I also thought of an image of a ghost town. The houses are supposed to be places of life, but they’re not. They’re empty and covered in dust … because no one has swept or dusted. That’s a sign of not life. All that housework that we do is the expression of life happening. It’s not about the cleaning or sweeping; it’s about life being expressed. It is living.

Heading into Christmas, this idea finally clicked. As I was doing laundry, I realized I’m not putting clothes into the machine—God is, in a way. I was able to let go of all the emotional baggage that I had been carrying around—I hadn’t planned to do housework and had “more important” things to do. I was able to embrace the fact that I am expressing life.

Did you apply anything from your programming world to your parenting world?
The key to engineering is problem solving. Any problem is not something to mourn over and say, “Oh dear!” You just look at the pieces and figure out what you need to do and how to solve it. It’s a way of looking at the world, and it’s very much about applying the laws of God. This is especially true with children. I had to know where my kids were mentally and spiritually so I knew how to teach them, what to do next to make progress, what they were thinking, and why they were doing things.

For instance, regarding TV, it makes no sense to me to let little kids watch something that’s scary because they can’t tell the difference between reality and illusion. They see a movie with a dragon, which is just as magnificent as a dog or a whale, just as possibly real, too, and they don’t have the weight of experience to tell them it’s not real. You telling them it’s not real isn’t going to help in the dark of the night when everything “real” disappears and the images in their mind spring to life. It mattered to me how prepared they were to take in images and how they differentiated between reality and imagination. It’s a thought process we all learn. So I was strict, and as they grew, I expanded what they were allowed to watch.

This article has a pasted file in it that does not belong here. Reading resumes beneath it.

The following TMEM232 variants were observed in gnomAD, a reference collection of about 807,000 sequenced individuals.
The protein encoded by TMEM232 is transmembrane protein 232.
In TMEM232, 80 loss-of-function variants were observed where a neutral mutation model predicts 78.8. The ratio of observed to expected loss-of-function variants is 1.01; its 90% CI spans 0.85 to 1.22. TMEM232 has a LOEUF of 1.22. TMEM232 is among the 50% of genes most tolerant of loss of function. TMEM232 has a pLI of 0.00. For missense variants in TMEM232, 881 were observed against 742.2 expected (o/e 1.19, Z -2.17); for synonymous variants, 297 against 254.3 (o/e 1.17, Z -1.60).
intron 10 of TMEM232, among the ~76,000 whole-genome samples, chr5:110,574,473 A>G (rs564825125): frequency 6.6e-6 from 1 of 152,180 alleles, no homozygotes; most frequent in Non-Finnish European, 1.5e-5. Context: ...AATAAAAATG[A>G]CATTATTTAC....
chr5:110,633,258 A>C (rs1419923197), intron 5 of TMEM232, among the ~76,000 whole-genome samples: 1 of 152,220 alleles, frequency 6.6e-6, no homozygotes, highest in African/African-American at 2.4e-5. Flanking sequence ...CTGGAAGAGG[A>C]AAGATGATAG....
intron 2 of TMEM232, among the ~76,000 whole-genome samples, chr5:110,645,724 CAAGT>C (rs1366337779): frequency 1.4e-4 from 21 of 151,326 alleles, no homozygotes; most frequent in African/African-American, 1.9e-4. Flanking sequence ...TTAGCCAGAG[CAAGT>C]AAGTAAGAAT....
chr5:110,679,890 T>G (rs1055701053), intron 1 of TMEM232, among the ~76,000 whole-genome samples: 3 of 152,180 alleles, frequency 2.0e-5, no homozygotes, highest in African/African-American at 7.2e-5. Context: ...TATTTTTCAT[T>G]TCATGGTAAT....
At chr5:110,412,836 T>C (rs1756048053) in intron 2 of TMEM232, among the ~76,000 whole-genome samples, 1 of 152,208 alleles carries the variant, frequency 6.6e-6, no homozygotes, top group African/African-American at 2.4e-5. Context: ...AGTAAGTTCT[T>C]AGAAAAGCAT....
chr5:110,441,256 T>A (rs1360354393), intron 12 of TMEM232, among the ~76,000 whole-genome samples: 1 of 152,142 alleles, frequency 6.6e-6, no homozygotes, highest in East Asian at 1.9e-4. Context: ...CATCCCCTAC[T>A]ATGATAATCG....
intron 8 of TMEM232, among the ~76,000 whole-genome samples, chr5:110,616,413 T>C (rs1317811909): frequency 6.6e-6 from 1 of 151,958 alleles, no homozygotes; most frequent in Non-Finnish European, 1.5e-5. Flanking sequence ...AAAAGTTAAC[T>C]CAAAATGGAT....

Years later, as our oldest approached her teens, I was baffled. But then it hit me—teenagers may have adult bodies, but inside they’re kids. Partly. Their budding maturity shines through, too. The key to parenting in those years was constant tracking of their mental state. Were they being a little kid again? Or were they stunning me with their level-headedness and self-control? I definitely felt I needed to devote a lot of time to them, especially because what teens need is for you to figure out when to step in and when to step out, when to decide and when to let them decide. The goal of parenthood is to make yourself obsolete so they don’t need you. But what you do for one child is not the same thing you do for the next. It’s a fun, engineering-like challenge.

Anything more that you’d like to share from your long study of the Bible?
I realized that the best and the first book to read to understand the Bible is the Bible! My study provided me a strong foundation, which I was able to share with Sunday school students, as well as use at home as a mom. At first, I was kind of scared to teach. I thought I was better working with my own kids because I knew where they were mentally. But so much new meaning would come out as a result of our class discussions that I started taking notes after class on new biblical insights. The more I researched, the richer the Bible became. There’s so much depth, and its there for each one of us to find and use.

Topics